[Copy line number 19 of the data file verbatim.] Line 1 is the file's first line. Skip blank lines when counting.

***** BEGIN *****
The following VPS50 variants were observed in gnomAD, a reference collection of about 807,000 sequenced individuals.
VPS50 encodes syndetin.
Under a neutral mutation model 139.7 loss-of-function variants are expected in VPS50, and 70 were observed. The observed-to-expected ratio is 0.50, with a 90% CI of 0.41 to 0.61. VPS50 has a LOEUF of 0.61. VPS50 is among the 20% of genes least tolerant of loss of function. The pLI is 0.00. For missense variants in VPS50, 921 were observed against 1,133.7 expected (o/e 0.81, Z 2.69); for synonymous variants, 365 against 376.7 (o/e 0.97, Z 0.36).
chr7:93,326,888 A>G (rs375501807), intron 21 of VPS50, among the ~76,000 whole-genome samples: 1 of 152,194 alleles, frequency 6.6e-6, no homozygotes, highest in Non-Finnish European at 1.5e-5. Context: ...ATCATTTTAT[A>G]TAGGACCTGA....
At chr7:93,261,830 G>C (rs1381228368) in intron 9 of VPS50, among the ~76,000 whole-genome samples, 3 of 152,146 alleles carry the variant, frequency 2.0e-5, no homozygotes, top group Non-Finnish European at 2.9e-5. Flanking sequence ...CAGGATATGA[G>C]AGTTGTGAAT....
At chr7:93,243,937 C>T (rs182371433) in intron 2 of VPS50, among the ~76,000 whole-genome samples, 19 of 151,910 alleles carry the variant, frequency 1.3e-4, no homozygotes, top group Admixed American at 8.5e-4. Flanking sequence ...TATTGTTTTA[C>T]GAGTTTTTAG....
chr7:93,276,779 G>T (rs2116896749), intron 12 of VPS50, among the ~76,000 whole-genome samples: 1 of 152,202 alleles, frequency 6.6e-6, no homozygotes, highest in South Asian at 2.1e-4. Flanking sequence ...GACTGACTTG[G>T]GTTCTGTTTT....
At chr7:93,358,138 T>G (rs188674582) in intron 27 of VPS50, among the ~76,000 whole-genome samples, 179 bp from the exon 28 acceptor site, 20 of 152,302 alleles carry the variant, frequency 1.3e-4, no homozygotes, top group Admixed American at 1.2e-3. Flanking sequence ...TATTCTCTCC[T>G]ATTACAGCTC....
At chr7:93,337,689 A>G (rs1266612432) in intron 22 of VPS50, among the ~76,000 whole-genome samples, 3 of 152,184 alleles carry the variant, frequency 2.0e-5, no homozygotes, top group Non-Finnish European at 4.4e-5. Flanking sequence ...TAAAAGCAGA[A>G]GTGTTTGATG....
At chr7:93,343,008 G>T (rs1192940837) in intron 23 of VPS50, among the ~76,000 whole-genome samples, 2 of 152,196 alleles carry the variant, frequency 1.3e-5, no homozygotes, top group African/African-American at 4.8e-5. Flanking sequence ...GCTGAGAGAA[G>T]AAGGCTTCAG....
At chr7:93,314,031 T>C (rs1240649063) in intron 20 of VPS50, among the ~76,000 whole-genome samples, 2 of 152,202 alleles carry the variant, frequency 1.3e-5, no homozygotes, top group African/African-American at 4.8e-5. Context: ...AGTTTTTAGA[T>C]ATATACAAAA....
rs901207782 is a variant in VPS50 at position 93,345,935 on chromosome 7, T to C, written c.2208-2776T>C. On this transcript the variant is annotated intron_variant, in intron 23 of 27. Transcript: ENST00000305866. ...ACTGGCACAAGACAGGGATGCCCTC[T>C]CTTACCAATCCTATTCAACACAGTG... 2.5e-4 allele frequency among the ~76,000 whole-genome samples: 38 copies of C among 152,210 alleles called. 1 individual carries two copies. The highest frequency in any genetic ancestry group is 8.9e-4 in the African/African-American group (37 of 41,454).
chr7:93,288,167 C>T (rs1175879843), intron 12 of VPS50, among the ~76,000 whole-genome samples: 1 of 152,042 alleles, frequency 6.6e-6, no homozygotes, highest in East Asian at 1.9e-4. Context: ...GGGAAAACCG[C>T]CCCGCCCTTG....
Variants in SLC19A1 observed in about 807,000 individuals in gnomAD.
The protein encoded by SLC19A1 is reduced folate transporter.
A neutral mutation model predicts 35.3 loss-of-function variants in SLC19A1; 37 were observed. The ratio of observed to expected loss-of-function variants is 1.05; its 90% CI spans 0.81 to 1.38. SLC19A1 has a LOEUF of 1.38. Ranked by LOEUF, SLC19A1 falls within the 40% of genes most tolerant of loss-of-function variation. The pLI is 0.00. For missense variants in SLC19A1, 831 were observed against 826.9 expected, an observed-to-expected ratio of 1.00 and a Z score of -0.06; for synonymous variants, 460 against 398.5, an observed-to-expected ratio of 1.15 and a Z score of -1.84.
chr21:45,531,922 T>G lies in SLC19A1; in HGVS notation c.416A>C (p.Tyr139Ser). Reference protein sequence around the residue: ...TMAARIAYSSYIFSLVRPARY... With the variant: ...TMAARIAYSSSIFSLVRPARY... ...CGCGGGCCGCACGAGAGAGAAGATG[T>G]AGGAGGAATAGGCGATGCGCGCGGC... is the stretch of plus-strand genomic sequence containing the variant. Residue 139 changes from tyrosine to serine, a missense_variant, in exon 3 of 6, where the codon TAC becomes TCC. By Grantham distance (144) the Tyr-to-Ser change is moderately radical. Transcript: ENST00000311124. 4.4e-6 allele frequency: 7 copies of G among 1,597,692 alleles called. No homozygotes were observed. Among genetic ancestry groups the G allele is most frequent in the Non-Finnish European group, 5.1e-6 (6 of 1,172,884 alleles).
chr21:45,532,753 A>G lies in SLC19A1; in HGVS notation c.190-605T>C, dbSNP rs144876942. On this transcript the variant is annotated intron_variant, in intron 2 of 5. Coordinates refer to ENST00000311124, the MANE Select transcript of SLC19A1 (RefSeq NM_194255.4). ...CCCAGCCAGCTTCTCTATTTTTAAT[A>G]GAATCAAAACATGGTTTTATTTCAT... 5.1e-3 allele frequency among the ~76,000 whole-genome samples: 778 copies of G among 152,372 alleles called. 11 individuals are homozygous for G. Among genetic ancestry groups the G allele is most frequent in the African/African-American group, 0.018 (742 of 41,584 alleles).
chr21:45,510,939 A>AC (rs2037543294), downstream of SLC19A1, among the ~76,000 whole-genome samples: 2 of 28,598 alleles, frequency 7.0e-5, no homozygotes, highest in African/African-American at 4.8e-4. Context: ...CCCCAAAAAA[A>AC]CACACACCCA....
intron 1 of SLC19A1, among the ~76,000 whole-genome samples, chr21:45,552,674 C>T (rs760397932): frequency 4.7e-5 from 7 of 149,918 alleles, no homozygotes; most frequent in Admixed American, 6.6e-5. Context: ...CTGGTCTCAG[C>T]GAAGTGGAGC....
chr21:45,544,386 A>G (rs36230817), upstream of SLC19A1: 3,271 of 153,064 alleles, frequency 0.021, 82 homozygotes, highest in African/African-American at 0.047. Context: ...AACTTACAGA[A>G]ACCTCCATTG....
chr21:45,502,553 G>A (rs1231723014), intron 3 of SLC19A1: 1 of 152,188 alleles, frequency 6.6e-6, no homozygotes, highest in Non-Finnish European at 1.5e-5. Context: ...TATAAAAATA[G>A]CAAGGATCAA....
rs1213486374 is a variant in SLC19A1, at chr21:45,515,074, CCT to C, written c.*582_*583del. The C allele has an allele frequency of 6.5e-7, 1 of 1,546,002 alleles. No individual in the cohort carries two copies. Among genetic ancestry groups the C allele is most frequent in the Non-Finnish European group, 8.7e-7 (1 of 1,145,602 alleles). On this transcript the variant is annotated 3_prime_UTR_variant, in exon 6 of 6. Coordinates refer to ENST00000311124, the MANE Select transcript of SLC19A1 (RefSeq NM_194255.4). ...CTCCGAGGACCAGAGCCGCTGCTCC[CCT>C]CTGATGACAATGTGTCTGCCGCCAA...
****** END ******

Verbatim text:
chr21:45,510,939 A>AC (rs2037543294), downstream of SLC19A1, among the ~76,000 whole-genome samples: 2 of 28,598 alleles, frequency 7.0e-5, no homozygotes, highest in African/African-American at 4.8e-4. Context: ...CCCCAAAAAA[A>AC]CACACACCCA....